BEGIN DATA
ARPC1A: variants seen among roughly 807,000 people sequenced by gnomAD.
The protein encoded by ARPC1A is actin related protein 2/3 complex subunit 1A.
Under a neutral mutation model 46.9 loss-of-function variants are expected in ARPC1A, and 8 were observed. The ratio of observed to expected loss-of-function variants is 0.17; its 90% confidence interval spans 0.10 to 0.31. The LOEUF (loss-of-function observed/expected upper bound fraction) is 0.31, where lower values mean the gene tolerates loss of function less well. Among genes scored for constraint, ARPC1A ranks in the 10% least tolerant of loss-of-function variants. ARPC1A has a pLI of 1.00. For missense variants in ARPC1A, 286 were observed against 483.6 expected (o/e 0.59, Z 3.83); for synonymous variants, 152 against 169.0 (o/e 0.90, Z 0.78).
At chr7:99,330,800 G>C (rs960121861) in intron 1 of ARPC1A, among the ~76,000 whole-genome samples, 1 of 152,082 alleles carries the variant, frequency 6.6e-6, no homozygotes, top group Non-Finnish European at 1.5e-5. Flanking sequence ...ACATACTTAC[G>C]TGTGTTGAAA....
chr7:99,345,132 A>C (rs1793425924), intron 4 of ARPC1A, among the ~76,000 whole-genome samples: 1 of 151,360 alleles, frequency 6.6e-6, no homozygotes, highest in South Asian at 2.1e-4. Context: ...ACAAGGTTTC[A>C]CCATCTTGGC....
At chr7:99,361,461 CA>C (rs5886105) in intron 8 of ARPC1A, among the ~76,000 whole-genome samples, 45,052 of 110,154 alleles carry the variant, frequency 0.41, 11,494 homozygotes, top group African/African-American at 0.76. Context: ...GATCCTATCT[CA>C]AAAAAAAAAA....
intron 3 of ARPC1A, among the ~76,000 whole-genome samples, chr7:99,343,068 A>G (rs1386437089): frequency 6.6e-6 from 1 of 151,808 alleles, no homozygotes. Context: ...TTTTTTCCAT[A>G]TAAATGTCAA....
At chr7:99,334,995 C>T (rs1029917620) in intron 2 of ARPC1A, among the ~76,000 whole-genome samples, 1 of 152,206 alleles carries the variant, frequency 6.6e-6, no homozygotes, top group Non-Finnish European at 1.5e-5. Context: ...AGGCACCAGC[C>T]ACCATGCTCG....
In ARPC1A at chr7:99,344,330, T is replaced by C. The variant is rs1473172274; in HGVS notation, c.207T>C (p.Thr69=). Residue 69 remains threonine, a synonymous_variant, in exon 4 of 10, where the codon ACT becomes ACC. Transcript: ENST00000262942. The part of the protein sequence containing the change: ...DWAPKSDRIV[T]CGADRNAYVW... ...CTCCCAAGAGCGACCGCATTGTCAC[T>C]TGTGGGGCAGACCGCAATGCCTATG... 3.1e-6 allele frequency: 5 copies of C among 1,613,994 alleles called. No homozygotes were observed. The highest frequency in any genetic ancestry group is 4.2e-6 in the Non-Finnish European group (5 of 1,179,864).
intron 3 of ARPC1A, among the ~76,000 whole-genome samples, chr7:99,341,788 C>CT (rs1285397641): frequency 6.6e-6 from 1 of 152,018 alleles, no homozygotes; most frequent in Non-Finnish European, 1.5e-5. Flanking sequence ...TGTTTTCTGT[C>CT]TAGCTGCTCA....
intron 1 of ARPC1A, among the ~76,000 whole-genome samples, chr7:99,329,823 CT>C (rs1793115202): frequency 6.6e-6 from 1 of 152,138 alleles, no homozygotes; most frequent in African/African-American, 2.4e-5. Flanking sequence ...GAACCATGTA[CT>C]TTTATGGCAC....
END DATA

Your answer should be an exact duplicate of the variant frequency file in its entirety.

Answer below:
ARPC1A: variants seen among roughly 807,000 people sequenced by gnomAD.
The protein encoded by ARPC1A is actin related protein 2/3 complex subunit 1A.
Under a neutral mutation model 46.9 loss-of-function variants are expected in ARPC1A, and 8 were observed. The ratio of observed to expected loss-of-function variants is 0.17; its 90% confidence interval spans 0.10 to 0.31. The LOEUF (loss-of-function observed/expected upper bound fraction) is 0.31, where lower values mean the gene tolerates loss of function less well. Among genes scored for constraint, ARPC1A ranks in the 10% least tolerant of loss-of-function variants. ARPC1A has a pLI of 1.00. For missense variants in ARPC1A, 286 were observed against 483.6 expected (o/e 0.59, Z 3.83); for synonymous variants, 152 against 169.0 (o/e 0.90, Z 0.78).
At chr7:99,330,800 G>C (rs960121861) in intron 1 of ARPC1A, among the ~76,000 whole-genome samples, 1 of 152,082 alleles carries the variant, frequency 6.6e-6, no homozygotes, top group Non-Finnish European at 1.5e-5. Flanking sequence ...ACATACTTAC[G>C]TGTGTTGAAA....
chr7:99,345,132 A>C (rs1793425924), intron 4 of ARPC1A, among the ~76,000 whole-genome samples: 1 of 151,360 alleles, frequency 6.6e-6, no homozygotes, highest in South Asian at 2.1e-4. Context: ...ACAAGGTTTC[A>C]CCATCTTGGC....
At chr7:99,361,461 CA>C (rs5886105) in intron 8 of ARPC1A, among the ~76,000 whole-genome samples, 45,052 of 110,154 alleles carry the variant, frequency 0.41, 11,494 homozygotes, top group African/African-American at 0.76. Context: ...GATCCTATCT[CA>C]AAAAAAAAAA....
intron 3 of ARPC1A, among the ~76,000 whole-genome samples, chr7:99,343,068 A>G (rs1386437089): frequency 6.6e-6 from 1 of 151,808 alleles, no homozygotes. Context: ...TTTTTTCCAT[A>G]TAAATGTCAA....
At chr7:99,334,995 C>T (rs1029917620) in intron 2 of ARPC1A, among the ~76,000 whole-genome samples, 1 of 152,206 alleles carries the variant, frequency 6.6e-6, no homozygotes, top group Non-Finnish European at 1.5e-5. Context: ...AGGCACCAGC[C>T]ACCATGCTCG....
In ARPC1A at chr7:99,344,330, T is replaced by C. The variant is rs1473172274; in HGVS notation, c.207T>C (p.Thr69=). Residue 69 remains threonine, a synonymous_variant, in exon 4 of 10, where the codon ACT becomes ACC. Transcript: ENST00000262942. The part of the protein sequence containing the change: ...DWAPKSDRIV[T]CGADRNAYVW... ...CTCCCAAGAGCGACCGCATTGTCAC[T>C]TGTGGGGCAGACCGCAATGCCTATG... 3.1e-6 allele frequency: 5 copies of C among 1,613,994 alleles called. No homozygotes were observed. The highest frequency in any genetic ancestry group is 4.2e-6 in the Non-Finnish European group (5 of 1,179,864).
intron 3 of ARPC1A, among the ~76,000 whole-genome samples, chr7:99,341,788 C>CT (rs1285397641): frequency 6.6e-6 from 1 of 152,018 alleles, no homozygotes; most frequent in Non-Finnish European, 1.5e-5. Flanking sequence ...TGTTTTCTGT[C>CT]TAGCTGCTCA....
intron 1 of ARPC1A, among the ~76,000 whole-genome samples, chr7:99,329,823 CT>C (rs1793115202): frequency 6.6e-6 from 1 of 152,138 alleles, no homozygotes; most frequent in African/African-American, 2.4e-5. Flanking sequence ...GAACCATGTA[CT>C]TTTATGGCAC....